Science

Biological Cells as State Machines

Posted 13 Oct 2008 at 20:26 UTC (updated 13 Oct 2008 at 20:31 UTC) by steve Share This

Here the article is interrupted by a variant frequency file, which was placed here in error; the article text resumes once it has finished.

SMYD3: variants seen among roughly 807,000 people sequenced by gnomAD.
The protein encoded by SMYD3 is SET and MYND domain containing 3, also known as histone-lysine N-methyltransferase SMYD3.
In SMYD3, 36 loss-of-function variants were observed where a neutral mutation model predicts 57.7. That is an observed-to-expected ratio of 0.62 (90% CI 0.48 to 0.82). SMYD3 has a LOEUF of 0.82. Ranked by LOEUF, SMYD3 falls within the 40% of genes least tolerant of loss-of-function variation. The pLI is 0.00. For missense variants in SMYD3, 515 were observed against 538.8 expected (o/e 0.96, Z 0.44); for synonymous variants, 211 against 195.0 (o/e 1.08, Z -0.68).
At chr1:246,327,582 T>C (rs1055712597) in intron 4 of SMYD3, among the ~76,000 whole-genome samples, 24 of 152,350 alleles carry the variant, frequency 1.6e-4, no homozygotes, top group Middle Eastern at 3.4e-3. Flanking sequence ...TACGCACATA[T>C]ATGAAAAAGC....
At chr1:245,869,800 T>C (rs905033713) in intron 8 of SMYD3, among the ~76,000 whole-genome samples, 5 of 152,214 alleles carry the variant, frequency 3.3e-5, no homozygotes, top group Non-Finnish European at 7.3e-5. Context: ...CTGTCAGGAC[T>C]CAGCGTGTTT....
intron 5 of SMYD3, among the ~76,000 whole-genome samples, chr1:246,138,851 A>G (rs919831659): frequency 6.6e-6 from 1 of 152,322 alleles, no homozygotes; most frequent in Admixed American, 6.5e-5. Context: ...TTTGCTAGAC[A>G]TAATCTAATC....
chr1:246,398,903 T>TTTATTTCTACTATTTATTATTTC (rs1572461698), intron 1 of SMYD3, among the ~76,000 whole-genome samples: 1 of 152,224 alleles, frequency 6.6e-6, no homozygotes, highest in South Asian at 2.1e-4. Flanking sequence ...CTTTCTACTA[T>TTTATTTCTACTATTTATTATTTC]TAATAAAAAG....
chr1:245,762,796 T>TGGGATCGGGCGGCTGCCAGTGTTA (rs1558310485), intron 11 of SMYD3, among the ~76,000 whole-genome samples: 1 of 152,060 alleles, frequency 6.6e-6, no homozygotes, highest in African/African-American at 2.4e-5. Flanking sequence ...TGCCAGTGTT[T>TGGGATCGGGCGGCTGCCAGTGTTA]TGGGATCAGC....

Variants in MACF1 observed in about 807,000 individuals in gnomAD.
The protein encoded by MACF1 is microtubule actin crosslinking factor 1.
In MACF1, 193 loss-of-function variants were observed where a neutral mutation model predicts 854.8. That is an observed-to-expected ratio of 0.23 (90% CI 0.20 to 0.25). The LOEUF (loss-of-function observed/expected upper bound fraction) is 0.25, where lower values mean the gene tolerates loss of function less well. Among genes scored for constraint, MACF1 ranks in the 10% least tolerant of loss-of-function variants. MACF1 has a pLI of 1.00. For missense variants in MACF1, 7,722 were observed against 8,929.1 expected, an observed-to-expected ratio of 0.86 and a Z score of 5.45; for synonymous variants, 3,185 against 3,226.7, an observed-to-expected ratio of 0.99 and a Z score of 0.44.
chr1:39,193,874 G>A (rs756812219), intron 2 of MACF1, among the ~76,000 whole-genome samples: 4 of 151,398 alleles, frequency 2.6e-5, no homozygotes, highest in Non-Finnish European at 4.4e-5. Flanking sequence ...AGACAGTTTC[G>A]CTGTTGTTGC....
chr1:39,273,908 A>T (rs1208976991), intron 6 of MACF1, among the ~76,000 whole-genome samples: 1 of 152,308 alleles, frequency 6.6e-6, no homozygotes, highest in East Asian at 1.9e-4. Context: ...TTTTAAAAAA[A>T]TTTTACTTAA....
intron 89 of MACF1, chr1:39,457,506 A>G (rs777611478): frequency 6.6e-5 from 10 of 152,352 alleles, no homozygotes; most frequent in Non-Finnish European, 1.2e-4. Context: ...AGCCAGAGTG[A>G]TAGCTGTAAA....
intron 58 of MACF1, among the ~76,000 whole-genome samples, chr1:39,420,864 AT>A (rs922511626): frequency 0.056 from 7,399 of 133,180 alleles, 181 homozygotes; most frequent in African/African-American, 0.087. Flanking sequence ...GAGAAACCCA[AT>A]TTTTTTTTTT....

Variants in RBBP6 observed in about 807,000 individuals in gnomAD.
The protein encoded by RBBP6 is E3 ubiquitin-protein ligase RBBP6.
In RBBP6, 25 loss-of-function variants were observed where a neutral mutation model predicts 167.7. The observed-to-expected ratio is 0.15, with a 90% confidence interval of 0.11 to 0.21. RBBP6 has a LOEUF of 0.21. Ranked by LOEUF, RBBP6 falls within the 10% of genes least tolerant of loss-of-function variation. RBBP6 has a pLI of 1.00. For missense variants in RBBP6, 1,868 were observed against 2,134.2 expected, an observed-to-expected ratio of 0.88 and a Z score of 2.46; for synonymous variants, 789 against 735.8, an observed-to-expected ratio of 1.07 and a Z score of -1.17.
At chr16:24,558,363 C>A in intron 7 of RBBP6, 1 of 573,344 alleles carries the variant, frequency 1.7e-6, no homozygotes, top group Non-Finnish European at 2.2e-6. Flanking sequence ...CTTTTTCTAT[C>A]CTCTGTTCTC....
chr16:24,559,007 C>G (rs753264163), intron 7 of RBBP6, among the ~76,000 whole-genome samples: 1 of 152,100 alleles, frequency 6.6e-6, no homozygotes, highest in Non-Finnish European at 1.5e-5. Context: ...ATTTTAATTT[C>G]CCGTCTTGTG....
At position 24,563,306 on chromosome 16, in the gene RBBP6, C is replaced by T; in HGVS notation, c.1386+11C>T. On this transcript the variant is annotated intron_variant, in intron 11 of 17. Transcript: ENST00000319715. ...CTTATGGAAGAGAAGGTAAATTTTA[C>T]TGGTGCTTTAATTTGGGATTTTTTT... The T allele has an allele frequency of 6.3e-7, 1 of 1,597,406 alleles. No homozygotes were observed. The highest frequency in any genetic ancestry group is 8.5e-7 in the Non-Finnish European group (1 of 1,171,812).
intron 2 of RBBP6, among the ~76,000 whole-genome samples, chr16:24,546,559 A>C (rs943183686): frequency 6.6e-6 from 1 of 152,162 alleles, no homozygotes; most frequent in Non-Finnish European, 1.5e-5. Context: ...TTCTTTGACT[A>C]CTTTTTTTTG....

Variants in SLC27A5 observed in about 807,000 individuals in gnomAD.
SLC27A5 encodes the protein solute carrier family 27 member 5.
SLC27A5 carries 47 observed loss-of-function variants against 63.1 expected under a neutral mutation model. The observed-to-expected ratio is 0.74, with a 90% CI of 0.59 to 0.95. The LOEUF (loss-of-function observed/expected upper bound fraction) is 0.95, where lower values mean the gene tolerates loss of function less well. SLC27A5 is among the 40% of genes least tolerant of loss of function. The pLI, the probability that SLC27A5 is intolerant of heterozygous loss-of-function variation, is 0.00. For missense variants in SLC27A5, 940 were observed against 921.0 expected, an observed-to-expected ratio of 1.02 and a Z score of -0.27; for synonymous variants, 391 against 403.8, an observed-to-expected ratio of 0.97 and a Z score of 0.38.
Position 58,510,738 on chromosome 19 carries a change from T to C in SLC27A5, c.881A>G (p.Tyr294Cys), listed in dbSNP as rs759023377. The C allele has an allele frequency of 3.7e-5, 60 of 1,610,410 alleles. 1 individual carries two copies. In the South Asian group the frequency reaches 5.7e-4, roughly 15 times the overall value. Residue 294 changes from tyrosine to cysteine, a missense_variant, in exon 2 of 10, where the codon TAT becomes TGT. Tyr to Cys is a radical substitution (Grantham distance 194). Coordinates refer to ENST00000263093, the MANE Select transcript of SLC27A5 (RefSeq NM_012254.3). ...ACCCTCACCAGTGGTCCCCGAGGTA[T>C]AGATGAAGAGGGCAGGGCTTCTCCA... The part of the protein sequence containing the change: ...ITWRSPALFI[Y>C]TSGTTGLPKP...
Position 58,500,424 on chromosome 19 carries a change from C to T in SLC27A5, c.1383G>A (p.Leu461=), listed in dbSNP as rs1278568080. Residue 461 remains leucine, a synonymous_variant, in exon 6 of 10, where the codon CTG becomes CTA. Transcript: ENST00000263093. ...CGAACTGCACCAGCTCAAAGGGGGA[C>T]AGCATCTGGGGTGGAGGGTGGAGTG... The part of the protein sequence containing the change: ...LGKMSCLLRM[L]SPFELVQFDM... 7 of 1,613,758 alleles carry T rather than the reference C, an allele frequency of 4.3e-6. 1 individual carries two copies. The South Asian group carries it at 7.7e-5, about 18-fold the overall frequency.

For robot builders hoping to one day achieve a robot with a complexity equivalent to a single-celled animal, the bar has just been raised. A National Science Foundation news release describes new research into how biological cells store information about a cell's state and operation using biochemical switches. Naren Ramakrishnan, a professor of computer science at Virginia Tech, and Upinder S. Bhalla at the National Centre for Biological Sciences in India tried a new approach by looking at cells from the standpoint of an electrical engineer. Using a supercomputer, the researchers located thousands of chemical reactions that form bistable circuits capable of storing binary information. They also discovered the switches are related to each other, with more advanced switches identical to simpler switches but with one or two additional chemical reactions, suggesting possible clues to their evolutionary development within the cell (the diagram above shows how the newly discovered switches are related). The switches also form the equivalent of an electronic circuit. The next step is to look for other functional units such as oscillator and amplifiers, until it's possible to understand a complete "wiring diagram" of cells. To read all the technical details of the research, see the paper Memory Switches in Chemical Reaction Space (PDF format).

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